5 Tough Decisions the New York Knicks Must Make This Offseason

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5 Tough Decisions the New York Knicks Must Make This Offseason

Brian Spurlock-USA Today Sports

If you ask any reasonable NBA analyst, the New York Knicks had a successful 2012-13 season. They continued to build on recent success and managed to make it out of the first round of the playoffs for the first time this millennium. Mike Woodson further reinforced his reputation as a tough, defensive-minded, no-nonsense head coach, and his players continued to respond. They also posted their first 50-win season since 1999. Still, if you ask any Knicks fan, this past season was an unforgivable, epic disaster.

The Knicks have always had a problem with failing to live up to expectations. Granted, that's only because expectations for the team are always sky-high, which makes little sense given the team's lack of a winning pedigree. The Knicks haven't won a championship in four decades, yet year-in and year-out, fans expect and demand nothing less. Fans of any other organization with as little winning history as New York would have been ecstatic to see their team win 54 games and ultimately lose the conference semi-finals in six games to the Indiana Pacers. But unfortunately for the Knicks, it seems as though the bar will never effectively be lowered.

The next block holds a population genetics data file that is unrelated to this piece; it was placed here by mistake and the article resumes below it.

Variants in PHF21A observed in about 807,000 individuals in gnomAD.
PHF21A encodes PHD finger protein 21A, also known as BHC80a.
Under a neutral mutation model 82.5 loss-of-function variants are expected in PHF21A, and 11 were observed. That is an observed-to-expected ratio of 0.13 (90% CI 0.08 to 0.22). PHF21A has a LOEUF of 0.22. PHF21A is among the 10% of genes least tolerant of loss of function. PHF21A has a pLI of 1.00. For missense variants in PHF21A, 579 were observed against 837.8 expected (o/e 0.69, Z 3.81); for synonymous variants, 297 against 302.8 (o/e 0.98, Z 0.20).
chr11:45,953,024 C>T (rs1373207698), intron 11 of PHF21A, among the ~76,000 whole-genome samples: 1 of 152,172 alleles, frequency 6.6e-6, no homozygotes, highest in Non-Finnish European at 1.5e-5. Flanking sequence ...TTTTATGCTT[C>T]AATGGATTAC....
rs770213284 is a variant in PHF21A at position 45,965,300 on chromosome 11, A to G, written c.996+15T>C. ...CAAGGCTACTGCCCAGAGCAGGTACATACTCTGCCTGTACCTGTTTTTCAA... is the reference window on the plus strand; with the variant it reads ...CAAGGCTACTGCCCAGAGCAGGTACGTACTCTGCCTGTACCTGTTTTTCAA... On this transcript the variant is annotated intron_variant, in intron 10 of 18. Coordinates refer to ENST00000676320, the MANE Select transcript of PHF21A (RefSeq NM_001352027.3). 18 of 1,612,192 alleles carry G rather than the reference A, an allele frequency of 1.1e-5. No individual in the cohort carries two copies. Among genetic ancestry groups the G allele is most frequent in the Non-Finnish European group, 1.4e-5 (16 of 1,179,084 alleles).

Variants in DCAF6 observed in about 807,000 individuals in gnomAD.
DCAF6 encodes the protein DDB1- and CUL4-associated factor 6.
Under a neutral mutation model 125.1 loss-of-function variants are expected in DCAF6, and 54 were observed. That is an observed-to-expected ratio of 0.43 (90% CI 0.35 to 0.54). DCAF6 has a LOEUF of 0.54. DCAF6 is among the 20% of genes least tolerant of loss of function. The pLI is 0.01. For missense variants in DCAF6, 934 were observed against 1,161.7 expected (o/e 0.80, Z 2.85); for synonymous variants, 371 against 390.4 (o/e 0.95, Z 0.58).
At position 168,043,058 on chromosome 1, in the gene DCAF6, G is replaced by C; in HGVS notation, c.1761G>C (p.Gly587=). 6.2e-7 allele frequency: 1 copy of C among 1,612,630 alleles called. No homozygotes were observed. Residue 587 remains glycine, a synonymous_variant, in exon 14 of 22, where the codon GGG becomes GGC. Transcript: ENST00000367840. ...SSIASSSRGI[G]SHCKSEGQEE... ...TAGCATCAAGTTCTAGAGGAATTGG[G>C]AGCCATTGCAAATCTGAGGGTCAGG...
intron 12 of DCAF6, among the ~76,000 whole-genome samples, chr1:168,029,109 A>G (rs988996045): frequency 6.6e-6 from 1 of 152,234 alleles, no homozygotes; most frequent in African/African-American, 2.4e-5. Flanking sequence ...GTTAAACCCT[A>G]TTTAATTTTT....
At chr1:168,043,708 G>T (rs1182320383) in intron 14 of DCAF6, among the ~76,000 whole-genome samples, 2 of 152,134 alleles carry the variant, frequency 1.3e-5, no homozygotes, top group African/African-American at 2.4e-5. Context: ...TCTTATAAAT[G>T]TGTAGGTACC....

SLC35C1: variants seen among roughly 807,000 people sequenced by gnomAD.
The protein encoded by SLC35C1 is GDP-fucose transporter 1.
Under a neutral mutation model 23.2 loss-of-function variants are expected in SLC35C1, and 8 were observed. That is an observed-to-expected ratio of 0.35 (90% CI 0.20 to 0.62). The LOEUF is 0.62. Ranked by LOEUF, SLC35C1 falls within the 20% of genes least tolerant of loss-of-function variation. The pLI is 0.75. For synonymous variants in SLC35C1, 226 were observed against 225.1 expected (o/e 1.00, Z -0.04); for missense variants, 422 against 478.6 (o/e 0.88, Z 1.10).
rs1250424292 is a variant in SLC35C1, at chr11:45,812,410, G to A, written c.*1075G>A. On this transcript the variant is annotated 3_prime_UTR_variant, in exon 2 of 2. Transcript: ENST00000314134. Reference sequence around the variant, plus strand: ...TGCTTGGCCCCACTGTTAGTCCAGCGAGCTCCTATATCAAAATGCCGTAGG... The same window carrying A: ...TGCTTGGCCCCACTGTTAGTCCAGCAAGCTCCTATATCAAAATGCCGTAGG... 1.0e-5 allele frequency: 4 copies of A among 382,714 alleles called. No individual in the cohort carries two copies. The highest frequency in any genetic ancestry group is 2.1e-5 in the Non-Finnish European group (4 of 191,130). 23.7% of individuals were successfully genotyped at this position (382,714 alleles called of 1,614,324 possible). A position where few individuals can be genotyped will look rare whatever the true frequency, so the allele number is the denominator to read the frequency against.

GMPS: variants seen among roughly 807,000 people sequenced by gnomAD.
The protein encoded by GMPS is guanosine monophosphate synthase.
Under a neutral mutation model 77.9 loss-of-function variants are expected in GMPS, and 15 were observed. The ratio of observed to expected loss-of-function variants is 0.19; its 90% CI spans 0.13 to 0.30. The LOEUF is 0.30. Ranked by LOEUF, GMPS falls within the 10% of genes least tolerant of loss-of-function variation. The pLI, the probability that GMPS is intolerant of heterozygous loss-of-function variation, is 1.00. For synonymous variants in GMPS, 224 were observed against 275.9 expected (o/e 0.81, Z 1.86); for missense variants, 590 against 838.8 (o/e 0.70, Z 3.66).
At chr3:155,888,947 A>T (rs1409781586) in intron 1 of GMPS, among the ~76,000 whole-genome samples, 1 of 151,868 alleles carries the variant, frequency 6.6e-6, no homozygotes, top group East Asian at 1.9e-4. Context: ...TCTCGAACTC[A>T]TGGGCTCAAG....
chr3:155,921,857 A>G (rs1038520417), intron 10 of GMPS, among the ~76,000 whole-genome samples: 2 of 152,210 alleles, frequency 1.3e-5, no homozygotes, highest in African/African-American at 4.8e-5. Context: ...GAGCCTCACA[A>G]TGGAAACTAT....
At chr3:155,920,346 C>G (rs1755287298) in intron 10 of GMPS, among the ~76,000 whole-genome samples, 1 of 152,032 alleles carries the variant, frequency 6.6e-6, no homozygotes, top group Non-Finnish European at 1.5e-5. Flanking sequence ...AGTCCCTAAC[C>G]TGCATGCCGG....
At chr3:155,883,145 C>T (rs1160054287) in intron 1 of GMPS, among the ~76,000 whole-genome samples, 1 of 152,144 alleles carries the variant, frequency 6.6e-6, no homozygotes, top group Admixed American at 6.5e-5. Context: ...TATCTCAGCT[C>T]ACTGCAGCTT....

The following list presumes that the Knicks' aspirations will remain the same and that nothing less than a championship will be considered a success. If the goal for the team is to win a title, then there are a number of tough decisions to be made. For that matter, if the team even hopes to repeat the relative success of last season, then some changes are necessary. Following the retirement of Jason Kidd and the continually declining health of Amar'e Stoudemire, there are holes in the roster that need filling in both the front and back court.

Here is a list of 5 tough decisions the New York Knicks must make this offseason.

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What to do With Amare Stoudemire

Pat Lovell-USA Today Sports